Throwback Thursday: I’m Not Bitter

“I’m not bitter… but I’ve seen better days.” (Hopefully) my mom and my sister will appreciate that throwback Teddy Geiger quote from The Rocker.

Anyway, I just came across a semi angst-ridden essay I wrote in July of 2007. So I’d like to share it. Because it’s hilarious to me, and I also think that many multiple birthed children will understand where I’m coming from. Sorry if it comes off harsh, Erin.

Note: I choose not to apologize to anyone I may offend who attended my high school. If you and I got along then, we get along now. I feel like EVERYONE will understand where I am coming from.

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From the moment a child is born, they become the center of their parents’ world.  They are taught that they are special, and that there is not a single person in the entire world that is exactly like them, I was taught the same way as any other “normal” child.  However, I have always shared my spotlight.  This fact became even more apparent when I started elementary school.

Ever since that first day of kindergarten, I have been referred to in plural (i.e. “the twins”) or in non-specifics (i.e. “a twin”).  As my sister and I have grown and – hopefully – matured, the situation has only become more difficult.  We are identical twins, but there are definitely differences in our appearances as well as our personalities.  Unfortunately, despite this fact, a person could not tell by the names and titles people refer to us as.

People just cannot seem to get us straight.  It has somehow over the years gotten to the point where they have simply given up on trying to know who is who.  At work my fellow employees resulted to labeling our hats with our initials in black sharpie marker so as to tell us apart.  And yet, still no one bothers to utilize this ever-so-useful (and also highly insulting) tool, and instead have continued to refer to us by our last name or a “clever” mixture of our two names.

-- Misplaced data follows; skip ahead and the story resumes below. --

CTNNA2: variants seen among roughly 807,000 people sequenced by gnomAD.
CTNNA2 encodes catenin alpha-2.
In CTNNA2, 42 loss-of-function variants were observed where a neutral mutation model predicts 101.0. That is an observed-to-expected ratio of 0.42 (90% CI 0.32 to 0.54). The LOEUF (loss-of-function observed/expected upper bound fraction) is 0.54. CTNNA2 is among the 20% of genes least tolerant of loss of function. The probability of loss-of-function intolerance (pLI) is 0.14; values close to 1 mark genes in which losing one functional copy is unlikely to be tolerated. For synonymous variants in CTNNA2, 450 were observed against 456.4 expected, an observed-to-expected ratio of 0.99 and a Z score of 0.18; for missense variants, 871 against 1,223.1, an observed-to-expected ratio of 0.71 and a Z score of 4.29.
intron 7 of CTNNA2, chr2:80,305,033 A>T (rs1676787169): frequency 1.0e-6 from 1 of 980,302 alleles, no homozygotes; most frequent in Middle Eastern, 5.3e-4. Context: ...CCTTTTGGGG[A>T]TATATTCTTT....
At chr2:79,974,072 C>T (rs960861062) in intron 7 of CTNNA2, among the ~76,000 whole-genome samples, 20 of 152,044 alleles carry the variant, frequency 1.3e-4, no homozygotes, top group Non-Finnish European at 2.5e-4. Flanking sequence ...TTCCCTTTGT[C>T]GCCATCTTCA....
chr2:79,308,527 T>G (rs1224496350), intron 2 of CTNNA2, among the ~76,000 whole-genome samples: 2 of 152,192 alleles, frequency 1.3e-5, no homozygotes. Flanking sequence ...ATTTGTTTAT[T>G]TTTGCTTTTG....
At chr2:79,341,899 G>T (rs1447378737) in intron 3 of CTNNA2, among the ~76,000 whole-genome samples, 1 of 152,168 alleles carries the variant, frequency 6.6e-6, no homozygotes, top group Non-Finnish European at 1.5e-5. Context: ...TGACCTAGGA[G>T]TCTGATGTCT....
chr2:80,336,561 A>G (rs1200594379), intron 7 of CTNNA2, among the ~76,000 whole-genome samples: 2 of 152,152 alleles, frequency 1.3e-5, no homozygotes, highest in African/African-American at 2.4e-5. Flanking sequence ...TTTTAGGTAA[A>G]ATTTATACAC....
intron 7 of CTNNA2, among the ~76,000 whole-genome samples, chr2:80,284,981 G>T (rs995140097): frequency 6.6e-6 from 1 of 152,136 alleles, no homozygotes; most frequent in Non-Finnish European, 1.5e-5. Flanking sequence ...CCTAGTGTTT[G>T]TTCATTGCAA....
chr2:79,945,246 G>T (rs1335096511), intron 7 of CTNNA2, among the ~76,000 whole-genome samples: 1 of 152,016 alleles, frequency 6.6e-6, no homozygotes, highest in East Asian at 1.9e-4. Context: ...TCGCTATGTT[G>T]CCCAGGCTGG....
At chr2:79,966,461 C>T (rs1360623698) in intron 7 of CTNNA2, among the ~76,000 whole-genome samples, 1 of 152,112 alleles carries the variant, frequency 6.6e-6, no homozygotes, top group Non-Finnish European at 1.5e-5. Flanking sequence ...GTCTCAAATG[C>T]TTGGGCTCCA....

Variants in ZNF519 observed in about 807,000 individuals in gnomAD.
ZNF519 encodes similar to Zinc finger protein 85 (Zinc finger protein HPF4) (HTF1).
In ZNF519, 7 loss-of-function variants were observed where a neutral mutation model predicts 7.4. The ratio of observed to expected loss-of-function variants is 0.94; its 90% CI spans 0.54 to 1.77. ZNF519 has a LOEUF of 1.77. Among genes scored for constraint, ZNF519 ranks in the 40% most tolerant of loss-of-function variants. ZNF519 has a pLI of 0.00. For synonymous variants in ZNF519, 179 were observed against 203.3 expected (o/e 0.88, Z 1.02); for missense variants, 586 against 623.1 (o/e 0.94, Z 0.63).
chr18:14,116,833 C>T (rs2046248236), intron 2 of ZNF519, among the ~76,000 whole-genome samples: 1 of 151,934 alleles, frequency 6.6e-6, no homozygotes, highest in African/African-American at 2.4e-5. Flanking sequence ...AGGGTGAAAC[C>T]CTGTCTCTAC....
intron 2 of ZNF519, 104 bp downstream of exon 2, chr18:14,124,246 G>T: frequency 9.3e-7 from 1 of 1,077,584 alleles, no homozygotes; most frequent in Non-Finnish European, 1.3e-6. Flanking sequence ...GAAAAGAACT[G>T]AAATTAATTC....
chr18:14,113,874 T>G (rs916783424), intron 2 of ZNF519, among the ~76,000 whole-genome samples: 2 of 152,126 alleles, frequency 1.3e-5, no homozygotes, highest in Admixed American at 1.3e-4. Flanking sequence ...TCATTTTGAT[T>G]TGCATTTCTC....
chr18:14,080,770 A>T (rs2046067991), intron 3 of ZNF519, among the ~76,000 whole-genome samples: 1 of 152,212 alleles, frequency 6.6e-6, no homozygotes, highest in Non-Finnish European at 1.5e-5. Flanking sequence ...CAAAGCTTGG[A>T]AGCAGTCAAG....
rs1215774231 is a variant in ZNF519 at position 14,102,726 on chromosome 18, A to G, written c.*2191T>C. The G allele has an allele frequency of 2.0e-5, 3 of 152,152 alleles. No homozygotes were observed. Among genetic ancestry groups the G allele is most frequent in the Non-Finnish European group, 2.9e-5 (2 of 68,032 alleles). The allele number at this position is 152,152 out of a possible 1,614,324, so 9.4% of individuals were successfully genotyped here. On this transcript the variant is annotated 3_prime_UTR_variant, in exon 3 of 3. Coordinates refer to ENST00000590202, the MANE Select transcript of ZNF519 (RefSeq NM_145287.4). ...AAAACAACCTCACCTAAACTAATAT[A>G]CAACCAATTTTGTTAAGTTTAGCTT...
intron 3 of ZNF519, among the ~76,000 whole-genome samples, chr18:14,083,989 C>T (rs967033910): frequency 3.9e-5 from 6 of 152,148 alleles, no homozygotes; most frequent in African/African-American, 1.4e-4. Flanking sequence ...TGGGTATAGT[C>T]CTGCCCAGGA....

Yes, my sister and I share many of the same interests.  Yes, we resemble each other.  But when it gets to the point where people that you see every single day – supposed “friends” – mix you up and then claim that it merely does not matter, hearts start to break.  No, there is no “evil” or “good” twin.  No, there is no “smart” or “stupid” twin.  And, despite a myriad of pathetic debates, we are not and will never be “the same person”.

We were given two separate names for a reason.

Of course, I have become sensitive to the above issues over the past few years, and hopefully one can understand why.  However, the climax of our story presented itself several months ago in my seventh hour health class.

The term “multiple births” was listed under “birth defects” in our health book.

Now, don’t get me wrong, it was clearly the publisher’s fault for allowing such a crude remark to be published.  No, multiple births are not “planned”, but frankly neither are half of “regular” births.

I am not a defect.

Add this to the list of things that I, being a twin, am teased about.  It is, quite frankly, ridiculous.

I had a revelation the other day.  It strikes me as off that my school community gives me so much grief for being a twin.

Clarification required?

At my school, “students” and “clones” are synonymous.  If you are not Italian, you are not “in”.  If you do not cut and color your hair on a regular basis, you are not “cool”.  If you do not cake on makeup before school each morning, then you are clearly confused.  You must be a slacker, be extremely thin, wear disgustingly unattractive tight shirts, carry a designer handbag (or a cheap knockoff: many of my classmates would not be able to tell the difference), expose yourself to deadly cancerous UV rays in a tanning salon at least once a week, and drive a moderately priced vehicle the moment you blow out the candles on your sixteenth birthday cake.  And God forbid you have a job!  After all, the last thing you want is to chip that manicure!

Coincidentally, my sister and I do not fit the mold in any of the above situations.  Many of these people are my friends, but we could not be more different.  Case in point?  Why am I the birth defect?  Why is it so difficult to just call me by the right name every once in a while?  I was not given an ugly name!  All of these cookie-cutter clones get that respect, and I, who defy every one of the above personality flaws and am actually unique, am the one who, of no personal choice, drew the short straw at birth?

My sister and I are alike, but we are not the same.  We deserve to be treated with just as much respect as (if not more than) every one else in our cookie-cutter surroundings.  At least address us by out own names.  My sister deserves more than that, and I know I deserve at least that.

If nothing else, that is the one thing that we do not share.

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